Learning from fluids, in space
September 30, 2016
The National Science Foundation (NSF) has awarded $1.5 million for fundamental research in fluid dynamics to be performed on the International Space Station (ISS) U.S. National Laboratory for the benefit of life on Earth.
The five awards are made jointly with the Center for the Advancement of Science in Space (CASIS), which will manage operations for the experiments.
“We welcome the opportunity to support research onboard the ISS National Laboratory,” says Grace Wang, NSF acting assistant director for Engineering. “In the microgravity environment of space, NSF grantees will be able to investigate fluid dynamics phenomena and processes not observable on Earth -- to further our scientific understanding that will lead to advances to benefit all Americans.”
A variety of physical forces are at work any time particles and fluids interact. For very small particles, like those often used in semiconductor manufacturing, weak interactions are especially important. On Earth, gravity dominates. Researchers cannot simply remove gravity to study how the other forces affect fluid physics processes and phenomena.
“These are experiments that cannot be done here on Earth,” says Dimitrios Papavassiliou, who coordinated the new awards during his rotation as an NSF program officer. “On Earth, gravity is so strong that it overwhelms all the other processes, so we cannot observe the true, fundamental nature of fluid dynamics without this force. The ISS environment eliminates this factor to allow researchers to focus on the finer, weaker interactions.”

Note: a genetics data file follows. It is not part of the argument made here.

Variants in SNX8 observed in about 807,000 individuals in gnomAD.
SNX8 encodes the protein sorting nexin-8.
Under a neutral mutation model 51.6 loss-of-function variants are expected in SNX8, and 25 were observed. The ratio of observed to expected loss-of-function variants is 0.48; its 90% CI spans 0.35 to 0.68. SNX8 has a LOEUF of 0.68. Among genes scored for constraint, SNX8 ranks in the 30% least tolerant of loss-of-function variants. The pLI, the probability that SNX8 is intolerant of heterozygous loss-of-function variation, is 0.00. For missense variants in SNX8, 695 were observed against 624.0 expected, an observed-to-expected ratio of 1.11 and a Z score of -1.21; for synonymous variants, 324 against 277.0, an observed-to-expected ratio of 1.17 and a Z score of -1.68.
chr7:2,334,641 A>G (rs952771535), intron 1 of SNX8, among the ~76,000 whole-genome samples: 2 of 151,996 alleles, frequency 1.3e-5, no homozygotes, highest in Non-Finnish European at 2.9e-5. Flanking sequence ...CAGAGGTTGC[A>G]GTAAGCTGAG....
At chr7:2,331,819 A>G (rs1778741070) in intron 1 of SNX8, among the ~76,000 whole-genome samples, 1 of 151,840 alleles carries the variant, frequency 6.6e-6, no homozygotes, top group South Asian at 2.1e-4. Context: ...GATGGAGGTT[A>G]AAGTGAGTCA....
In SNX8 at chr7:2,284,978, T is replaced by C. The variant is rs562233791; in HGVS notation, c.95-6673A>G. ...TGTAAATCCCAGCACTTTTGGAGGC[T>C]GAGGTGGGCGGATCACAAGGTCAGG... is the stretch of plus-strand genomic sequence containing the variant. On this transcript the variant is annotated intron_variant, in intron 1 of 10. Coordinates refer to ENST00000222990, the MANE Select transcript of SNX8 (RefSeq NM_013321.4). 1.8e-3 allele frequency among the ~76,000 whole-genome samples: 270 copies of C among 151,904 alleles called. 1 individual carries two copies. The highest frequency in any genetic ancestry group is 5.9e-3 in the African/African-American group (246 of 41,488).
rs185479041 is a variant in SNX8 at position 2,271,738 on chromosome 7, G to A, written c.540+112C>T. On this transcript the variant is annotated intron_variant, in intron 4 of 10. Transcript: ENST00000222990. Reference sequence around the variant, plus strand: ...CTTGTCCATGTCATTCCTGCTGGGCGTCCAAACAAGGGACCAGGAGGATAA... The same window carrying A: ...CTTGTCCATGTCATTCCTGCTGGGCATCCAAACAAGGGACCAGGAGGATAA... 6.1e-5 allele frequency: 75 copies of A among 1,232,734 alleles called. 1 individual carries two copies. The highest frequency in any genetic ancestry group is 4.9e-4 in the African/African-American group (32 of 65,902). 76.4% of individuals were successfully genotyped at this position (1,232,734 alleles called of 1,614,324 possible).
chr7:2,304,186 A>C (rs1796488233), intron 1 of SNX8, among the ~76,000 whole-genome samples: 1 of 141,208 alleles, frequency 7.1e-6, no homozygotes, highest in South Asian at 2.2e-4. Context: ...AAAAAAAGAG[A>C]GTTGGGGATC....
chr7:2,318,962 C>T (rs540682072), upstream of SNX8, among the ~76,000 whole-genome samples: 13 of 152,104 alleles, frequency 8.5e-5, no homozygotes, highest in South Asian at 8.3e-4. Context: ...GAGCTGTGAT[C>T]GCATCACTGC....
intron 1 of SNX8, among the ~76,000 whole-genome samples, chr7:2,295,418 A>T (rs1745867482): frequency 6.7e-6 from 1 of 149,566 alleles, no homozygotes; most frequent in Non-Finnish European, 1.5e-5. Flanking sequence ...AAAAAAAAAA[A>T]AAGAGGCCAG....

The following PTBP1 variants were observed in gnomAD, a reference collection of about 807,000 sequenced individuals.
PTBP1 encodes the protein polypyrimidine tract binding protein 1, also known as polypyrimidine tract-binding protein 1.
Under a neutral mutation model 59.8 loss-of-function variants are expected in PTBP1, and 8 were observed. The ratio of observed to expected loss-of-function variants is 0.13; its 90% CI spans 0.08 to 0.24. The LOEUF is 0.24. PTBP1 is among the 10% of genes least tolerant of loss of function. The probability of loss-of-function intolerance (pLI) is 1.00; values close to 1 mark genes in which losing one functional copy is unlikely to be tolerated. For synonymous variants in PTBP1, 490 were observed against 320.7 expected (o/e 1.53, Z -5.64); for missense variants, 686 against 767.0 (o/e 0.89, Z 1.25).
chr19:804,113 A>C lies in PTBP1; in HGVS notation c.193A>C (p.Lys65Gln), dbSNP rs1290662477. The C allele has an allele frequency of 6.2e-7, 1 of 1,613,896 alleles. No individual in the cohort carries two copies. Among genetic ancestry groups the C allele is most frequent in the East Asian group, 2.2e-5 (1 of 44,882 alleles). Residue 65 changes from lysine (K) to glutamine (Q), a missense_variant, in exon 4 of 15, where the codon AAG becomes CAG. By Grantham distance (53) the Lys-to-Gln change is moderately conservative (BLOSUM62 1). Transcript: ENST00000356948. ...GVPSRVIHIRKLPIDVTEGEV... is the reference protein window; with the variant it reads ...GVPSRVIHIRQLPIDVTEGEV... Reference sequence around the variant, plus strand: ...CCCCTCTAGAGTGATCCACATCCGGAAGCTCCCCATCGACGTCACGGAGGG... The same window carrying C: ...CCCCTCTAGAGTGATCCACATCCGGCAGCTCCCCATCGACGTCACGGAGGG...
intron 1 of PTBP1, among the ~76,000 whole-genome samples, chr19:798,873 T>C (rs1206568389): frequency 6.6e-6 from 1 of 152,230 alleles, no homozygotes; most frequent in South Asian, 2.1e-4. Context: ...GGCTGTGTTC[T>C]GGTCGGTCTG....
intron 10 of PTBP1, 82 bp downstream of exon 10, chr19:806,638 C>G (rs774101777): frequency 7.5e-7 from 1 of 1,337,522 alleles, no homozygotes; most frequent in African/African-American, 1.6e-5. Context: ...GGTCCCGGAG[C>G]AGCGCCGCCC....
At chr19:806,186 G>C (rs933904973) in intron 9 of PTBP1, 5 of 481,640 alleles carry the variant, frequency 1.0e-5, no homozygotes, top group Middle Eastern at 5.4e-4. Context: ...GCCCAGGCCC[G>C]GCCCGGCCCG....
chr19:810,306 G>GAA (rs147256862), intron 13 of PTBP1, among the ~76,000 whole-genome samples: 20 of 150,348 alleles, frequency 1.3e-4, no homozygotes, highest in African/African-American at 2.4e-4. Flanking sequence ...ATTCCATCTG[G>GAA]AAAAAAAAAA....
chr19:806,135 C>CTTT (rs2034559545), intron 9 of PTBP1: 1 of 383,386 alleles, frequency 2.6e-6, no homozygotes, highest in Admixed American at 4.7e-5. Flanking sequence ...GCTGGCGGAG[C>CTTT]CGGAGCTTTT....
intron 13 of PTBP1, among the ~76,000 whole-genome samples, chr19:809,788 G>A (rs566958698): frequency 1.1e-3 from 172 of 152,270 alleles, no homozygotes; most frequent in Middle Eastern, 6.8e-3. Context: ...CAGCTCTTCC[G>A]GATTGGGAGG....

The findings from the NSF research onboard the IIS promise advances in manufacturing, oil and gas, electronics and photonics, drug delivery, microfluidics and many other areas.
The five projects are:
- Kinetics of nanoparticle self-assembly in directing fields, led by Eric Furst, University of Delaware
- Inertial Spreading and Imbibition of a Liquid Drop Through a Porous Surface, led by Michel Louge, Cornell University
- Quantifying Cohesive Sediment Dynamics for Advanced Environmental Modeling, led by Paolo Luzzatto-Fegiz, University of California, Santa Barbara
- Constrained Vapor Bubbles of Ideal Mixtures, led by Joel Plawsky, Rensselaer Polytechnic Institute
- Unmasking contact-line mobility for Inertial Spreading using Drop Vibration and Coalescence, led by Paul Steen, Cornell University
This research is funded through the fluid dynamics and particulate and multiphase processes programs of the NSF Division of Chemical, Bioengineering, Environmental and Transport Systems (CBET) in the Directorate for Engineering. CBET supports discoveries in chemical and biochemical systems; environmental engineering and sustainability; bioengineering and engineering healthcare; and fundamental transport, thermal and fluid phenomena.
Ronald Joslin, NSF CBET, (703) 292-7030, email@example.com
CASIS news release: http://www.iss-casis.org/NewsEvents/PressReleases/tabid/111/ArticleID/232/ArtMID/586/CASIS-and-the-National-Science-Foundation-Partner-to-Fund-15-Million-in-Fluid-Dynamics-Investigations.aspx
NSF/CASIS Collaboration on Fluid Dynamics Research on the International Space Station to Benefit Life on Earth program solicitation (NSF 16-518): https://www.nsf.gov/funding/pgm_summ.jsp?pims_id=505258
The National Science Foundation (NSF) is an independent federal agency that supports fundamental research and education across all fields of science and engineering. In fiscal year (FY) 2020, its budget is $8.3 billion. NSF funds reach all 50 states through grants to nearly 2,000 colleges, universities and other institutions. Each year, NSF receives more than 50,000 competitive proposals for funding and makes about 12,000 new funding awards.
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